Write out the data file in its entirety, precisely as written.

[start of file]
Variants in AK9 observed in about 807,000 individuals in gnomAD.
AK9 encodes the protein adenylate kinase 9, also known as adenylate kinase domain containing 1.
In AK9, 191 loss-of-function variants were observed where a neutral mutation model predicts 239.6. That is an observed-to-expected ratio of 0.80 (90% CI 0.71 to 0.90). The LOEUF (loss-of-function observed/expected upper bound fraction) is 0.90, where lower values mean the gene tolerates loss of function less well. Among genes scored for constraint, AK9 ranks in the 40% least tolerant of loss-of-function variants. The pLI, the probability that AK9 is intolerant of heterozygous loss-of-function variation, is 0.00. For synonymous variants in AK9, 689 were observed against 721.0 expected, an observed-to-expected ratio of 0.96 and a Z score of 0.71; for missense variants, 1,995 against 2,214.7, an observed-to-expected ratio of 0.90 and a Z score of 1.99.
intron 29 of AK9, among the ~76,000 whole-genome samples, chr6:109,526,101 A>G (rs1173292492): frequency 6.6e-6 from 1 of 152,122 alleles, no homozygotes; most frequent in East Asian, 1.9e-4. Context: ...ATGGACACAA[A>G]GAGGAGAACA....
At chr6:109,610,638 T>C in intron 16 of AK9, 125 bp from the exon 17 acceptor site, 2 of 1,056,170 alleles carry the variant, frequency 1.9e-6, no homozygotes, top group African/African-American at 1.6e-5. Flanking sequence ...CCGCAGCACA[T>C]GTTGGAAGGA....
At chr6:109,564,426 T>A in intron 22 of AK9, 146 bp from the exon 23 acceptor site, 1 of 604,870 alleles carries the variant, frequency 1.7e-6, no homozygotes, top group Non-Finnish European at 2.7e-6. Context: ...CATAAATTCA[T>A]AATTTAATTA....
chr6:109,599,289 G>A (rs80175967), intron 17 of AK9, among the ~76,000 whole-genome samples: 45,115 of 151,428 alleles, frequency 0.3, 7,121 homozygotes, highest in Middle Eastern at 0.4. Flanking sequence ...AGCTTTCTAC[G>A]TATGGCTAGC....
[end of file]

Variants in AK9 observed in about 807,000 individuals in gnomAD.
AK9 encodes the protein adenylate kinase 9, also known as adenylate kinase domain containing 1.
In AK9, 191 loss-of-function variants were observed where a neutral mutation model predicts 239.6. That is an observed-to-expected ratio of 0.80 (90% CI 0.71 to 0.90). The LOEUF (loss-of-function observed/expected upper bound fraction) is 0.90, where lower values mean the gene tolerates loss of function less well. Among genes scored for constraint, AK9 ranks in the 40% least tolerant of loss-of-function variants. The pLI, the probability that AK9 is intolerant of heterozygous loss-of-function variation, is 0.00. For synonymous variants in AK9, 689 were observed against 721.0 expected, an observed-to-expected ratio of 0.96 and a Z score of 0.71; for missense variants, 1,995 against 2,214.7, an observed-to-expected ratio of 0.90 and a Z score of 1.99.
intron 29 of AK9, among the ~76,000 whole-genome samples, chr6:109,526,101 A>G (rs1173292492): frequency 6.6e-6 from 1 of 152,122 alleles, no homozygotes; most frequent in East Asian, 1.9e-4. Context: ...ATGGACACAA[A>G]GAGGAGAACA....
At chr6:109,610,638 T>C in intron 16 of AK9, 125 bp from the exon 17 acceptor site, 2 of 1,056,170 alleles carry the variant, frequency 1.9e-6, no homozygotes, top group African/African-American at 1.6e-5. Flanking sequence ...CCGCAGCACA[T>C]GTTGGAAGGA....
At chr6:109,564,426 T>A in intron 22 of AK9, 146 bp from the exon 23 acceptor site, 1 of 604,870 alleles carries the variant, frequency 1.7e-6, no homozygotes, top group Non-Finnish European at 2.7e-6. Context: ...CATAAATTCA[T>A]AATTTAATTA....
chr6:109,599,289 G>A (rs80175967), intron 17 of AK9, among the ~76,000 whole-genome samples: 45,115 of 151,428 alleles, frequency 0.3, 7,121 homozygotes, highest in Middle Eastern at 0.4. Flanking sequence ...AGCTTTCTAC[G>A]TATGGCTAGC....